If your child is struggling in school and might have a disability, you can request an evaluation to see if your child qualifies for special education programming. Evaluations can be requested by a parent/guardian, a teacher or an administrator. The evaluation will determine whether the student’s education is being impacted by an impairment that might be physical or mental.
An evaluation will look for difficulties in all areas of suspected disability, so it’s important for parents, teachers and providers to contribute relevant details in the evaluation request. Generally, the evaluation will review the child’s developmental history and assess cognition, academic achievement and functional skills evidenced through behavior, interpersonal skills and emotional regulation. Strengths are measured alongside challenges, and these can provide important inputs for specialized programming.
If the evaluation indicates that a student has a qualifying disability, the impairment will meet criteria in one of 13 categories defined by the Individuals with Disabilities Education Act (IDEA): Autism, Deafness, Deaf-Blindness, Hearing Impairment, Intellectual Disabilities, Multiple Disabilities, Orthopedic Impairment, Other Health Impairment, Serious Emotional Disturbance, Specific Learning Disability, Speech or Language Impairment, Traumatic Brain Injury, and Visual Impairment (including Blindness). For more detailed information about these categories, visit the Parent Center Hub through a link at the end of this article.
Here are guidelines for requesting an evaluation:
- Make your request in writing.
- Address your letter to the district’s special education director or program coordinator.
- You can deliver your request by email, certified mail, or in person. If you hand-deliver the letter, make sure to have your copy date/time stamped so you have a receipt.
- The district has 25 school days (weekends and holidays excluded) to respond.
- Your letter should include:
- Your child’s full name and birthdate.
- A clear statement of request, such as “I am requesting a full and individual evaluation for my son/daughter, [name and DOB].”
- A statement that “all areas of suspected disability” should be evaluated.
- A complete description of your concerns, which can include details about homework struggles, meltdowns, grades, failed or incomplete assignments, and any other mitigating factors.
- Attached letters from doctors, therapists, or any other providers who have relevant information, insights, or diagnoses.
- Your complete contact information and a statement that you will provide consent for the evaluation upon notification.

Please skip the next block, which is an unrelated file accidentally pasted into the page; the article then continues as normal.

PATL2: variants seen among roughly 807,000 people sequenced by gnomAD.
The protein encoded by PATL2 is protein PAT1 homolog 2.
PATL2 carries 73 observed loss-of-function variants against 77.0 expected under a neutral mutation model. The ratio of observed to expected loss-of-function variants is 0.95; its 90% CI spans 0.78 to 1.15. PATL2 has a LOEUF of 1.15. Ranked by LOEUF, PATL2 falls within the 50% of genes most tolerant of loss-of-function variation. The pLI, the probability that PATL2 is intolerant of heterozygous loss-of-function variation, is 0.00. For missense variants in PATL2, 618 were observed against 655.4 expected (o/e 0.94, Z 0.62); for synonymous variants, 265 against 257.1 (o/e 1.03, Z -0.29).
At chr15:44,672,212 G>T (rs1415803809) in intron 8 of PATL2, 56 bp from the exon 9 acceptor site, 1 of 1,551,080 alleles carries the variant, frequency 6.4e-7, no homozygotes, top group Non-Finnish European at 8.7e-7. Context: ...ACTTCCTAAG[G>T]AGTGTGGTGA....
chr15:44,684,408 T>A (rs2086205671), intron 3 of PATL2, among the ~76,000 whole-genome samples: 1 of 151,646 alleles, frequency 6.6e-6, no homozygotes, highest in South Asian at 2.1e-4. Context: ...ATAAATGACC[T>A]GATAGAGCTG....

Be sure to follow up if you don’t hear back from the district within 25 school days. When you provide consent for the evaluation, please note that you are not giving consent for your student to be placed in a special education program. You are consenting to the evaluation so that you and the school can make an informed decision about how to help your child succeed.
After receiving a letter of request for evaluation the school district has the responsibility to:
- Document the referral.
- Notify you, in writing, that the student has been referred for evaluation.
- Examine relevant documents from you, the school, medical providers, and other involved agencies.
- Tell parents/guardians in writing about the decision to evaluate or not. This formal letter is called “prior written notice” and must be provided within 25 school days of the evaluation request.
- Request your formal written consent for the evaluation.
- Complete the evaluation within 35 school days after you sign consent.
- Schedule a meeting to share the evaluation results with you and determine next steps.
If the student is determined to have a qualifying disability, special education services are initiated through the development of an Individualized Education Program (IEP). If a disability doesn’t qualify for special education but is found to impact a student’s access to appropriate education, the school and family might begin to develop a “504 Plan,” which can provide accommodations through Section 504 of the Rehabilitation Act of 1973.
If the school declines to offer any support services and you still believe that your child should qualify for assistance, you can request an Independent Educational Evaluation (IEE). This request also should be made in writing (refer to the guidelines above). The district must respond to your IEE request within 15 calendar days.
For specific information about Washington laws regarding Evaluations, refer to sections 392-172A of the Washington Administrative Code (WAC). Go to apps.leg.wa.gov/WAC
For more information about evaluations and special education laws, please visit the following resource sites:
PAVE’s Parent Training and Information (PTI) team can provide you with a packet of resources, including a letter template to help you compose your request for evaluation.
Two ways to Get Help:
- Call 1-800-5PARENT (572-7368) and select extension 115, English or Spanish available, to leave a dedicated message.
- Go online to fill out a form to Get Help!
- For the English form: click on the following link http://wapave.org/get-help/
- For the Spanish form: click on the following http://wapave.org/get-help/obtenga-ayuda/